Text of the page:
Monday, November 19, 2007

Web Wendy and the Fork in the Road

My friend, whom we'll call Web Wendy, is convinced God is out to get her.

Trouble seems to come from all her encounters, even the most innocent encounters.

Stooping to help a child, she gets hit by a car. The child is unharmed.

"Why me, Lord?"


Ever get that feeling?

Not so bad being hit by the car, but at night, Wendy has these almost- LSD dreams of her floating down the river Styx and the Coyote god from "Roadrunner and the Coyote" is telling her she's going down the sewer pipe of the universe.

Well, there are sewer pipes and there are sewer pipes.

Meet your friendly Pipe Tunnel man, me.

The sewer can be a comforting place, as any Fritz the Cat knows, but since most of you have too much class to actually skin your elbows on the edges of dumpster, or as in the case of bag ladies, stick our toes out through the knee parts of pantyhose, there is really no point in going through all this embarrassing foolishness.

Only crazy folk want to forget everything, logic, bills, respectability-- and just be crazy.
I have slept with many such a woman, and maybe I picked up something through osmosis.

I keep telling people to get in touch with their feelings.
Makes them think I am hip, from L.A.

But here in Newmarket, where it seems every third house downtown is a halfway house, we are inundated with crazy people. Greedy politicians have gotten huge rakeoffs from the Mental Health folks. Take them out of Bedlam and send them to Newmarket! Everybody profits, except for us reasonably sane people scared to death to sit in a park, becaus someone will ask you for sure, "Do you snuff ducks?"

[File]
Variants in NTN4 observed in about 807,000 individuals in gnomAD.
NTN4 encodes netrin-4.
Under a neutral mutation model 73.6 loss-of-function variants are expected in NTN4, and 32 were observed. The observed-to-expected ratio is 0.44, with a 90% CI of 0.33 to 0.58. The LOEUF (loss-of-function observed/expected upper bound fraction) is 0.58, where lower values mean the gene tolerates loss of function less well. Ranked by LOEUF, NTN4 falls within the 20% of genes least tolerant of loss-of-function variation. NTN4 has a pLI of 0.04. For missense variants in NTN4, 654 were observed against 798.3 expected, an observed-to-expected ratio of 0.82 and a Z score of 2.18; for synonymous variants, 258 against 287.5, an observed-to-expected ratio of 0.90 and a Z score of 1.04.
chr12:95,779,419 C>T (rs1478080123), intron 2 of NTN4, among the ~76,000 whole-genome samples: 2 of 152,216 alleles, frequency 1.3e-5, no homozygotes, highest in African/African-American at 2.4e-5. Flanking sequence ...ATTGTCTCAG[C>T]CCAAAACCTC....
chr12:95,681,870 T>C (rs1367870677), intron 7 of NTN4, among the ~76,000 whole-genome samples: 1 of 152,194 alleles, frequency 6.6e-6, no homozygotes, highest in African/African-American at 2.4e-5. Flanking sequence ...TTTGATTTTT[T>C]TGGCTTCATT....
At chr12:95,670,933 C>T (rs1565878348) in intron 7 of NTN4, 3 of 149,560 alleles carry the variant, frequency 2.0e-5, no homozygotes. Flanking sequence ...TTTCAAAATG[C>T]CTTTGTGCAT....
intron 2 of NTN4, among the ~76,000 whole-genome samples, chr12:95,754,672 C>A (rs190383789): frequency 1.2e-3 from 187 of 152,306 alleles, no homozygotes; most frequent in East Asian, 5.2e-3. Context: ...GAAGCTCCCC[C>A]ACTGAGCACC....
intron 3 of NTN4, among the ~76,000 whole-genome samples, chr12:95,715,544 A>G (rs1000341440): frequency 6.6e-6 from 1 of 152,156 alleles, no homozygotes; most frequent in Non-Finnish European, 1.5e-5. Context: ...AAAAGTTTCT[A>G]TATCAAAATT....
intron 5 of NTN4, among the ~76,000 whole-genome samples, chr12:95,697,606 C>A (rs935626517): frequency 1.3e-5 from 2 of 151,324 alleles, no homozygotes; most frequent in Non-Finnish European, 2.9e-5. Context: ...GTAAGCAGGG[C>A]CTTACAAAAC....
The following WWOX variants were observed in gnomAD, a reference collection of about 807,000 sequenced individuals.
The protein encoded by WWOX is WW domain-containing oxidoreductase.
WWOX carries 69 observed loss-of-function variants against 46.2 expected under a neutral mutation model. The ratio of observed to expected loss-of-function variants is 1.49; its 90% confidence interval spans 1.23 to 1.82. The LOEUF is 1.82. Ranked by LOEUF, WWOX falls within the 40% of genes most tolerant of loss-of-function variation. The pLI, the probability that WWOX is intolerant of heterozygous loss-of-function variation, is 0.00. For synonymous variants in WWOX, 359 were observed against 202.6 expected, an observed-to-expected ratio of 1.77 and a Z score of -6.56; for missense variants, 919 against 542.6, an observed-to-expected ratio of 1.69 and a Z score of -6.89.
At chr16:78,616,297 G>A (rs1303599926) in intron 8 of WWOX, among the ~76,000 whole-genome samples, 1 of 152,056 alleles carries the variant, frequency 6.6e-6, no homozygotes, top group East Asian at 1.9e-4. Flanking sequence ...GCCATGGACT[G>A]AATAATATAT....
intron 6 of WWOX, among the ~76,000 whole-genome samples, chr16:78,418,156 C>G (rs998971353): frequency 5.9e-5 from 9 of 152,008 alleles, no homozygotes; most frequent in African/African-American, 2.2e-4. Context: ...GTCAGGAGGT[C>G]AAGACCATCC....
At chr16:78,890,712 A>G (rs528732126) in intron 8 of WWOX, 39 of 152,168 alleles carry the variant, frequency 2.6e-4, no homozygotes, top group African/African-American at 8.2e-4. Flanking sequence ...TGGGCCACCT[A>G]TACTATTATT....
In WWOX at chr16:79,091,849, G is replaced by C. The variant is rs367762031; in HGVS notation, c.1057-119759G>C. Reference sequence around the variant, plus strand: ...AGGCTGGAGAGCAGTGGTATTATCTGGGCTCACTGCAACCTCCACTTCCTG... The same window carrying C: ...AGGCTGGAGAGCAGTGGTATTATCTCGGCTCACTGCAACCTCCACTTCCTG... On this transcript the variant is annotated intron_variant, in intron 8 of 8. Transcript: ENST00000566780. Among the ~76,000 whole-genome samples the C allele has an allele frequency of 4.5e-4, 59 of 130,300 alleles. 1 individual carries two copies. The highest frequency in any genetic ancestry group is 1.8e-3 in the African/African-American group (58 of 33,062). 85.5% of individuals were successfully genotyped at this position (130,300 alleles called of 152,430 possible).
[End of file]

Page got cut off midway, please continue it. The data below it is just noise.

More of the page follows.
"Sure," I reply. "And I rarely leave a tern unstoned."
This is too much for the crazy bastard and he goes off to find someone else to bother.

Being crazy is an irritant to other people. It is really a condition for which there is no cure. If you're a nut, you might as well at act normal and do the normal things. Shop at the supermarket. Pay your bills. Don't lose your money. You can't be an obvious psycho or freak; people just won't talk to you. Crazy is bad. It exasperates psychiatrists who diagnose you as "asshole" and want to hear no more of your rantings or your staring at the wall looking for symbols.

But being broke is worse than being crazy. This you learn.

Being broke sets of a hyperbole that makes even crazier than when you started out.
You happen to see a day-old loaf of Calabrese bread down there still wrapped, in the dumpster: Well, "Faint heart never made it with a pig!"

Your shiny cross-hatched Adidas soles sticking out of the dumpster, and you unable to get out-- Wrong way, Corrigan!

Crazy is bad. It makes people cluck and not want to talk to you.

Crazy is calling Telecare and being told you're an asshole.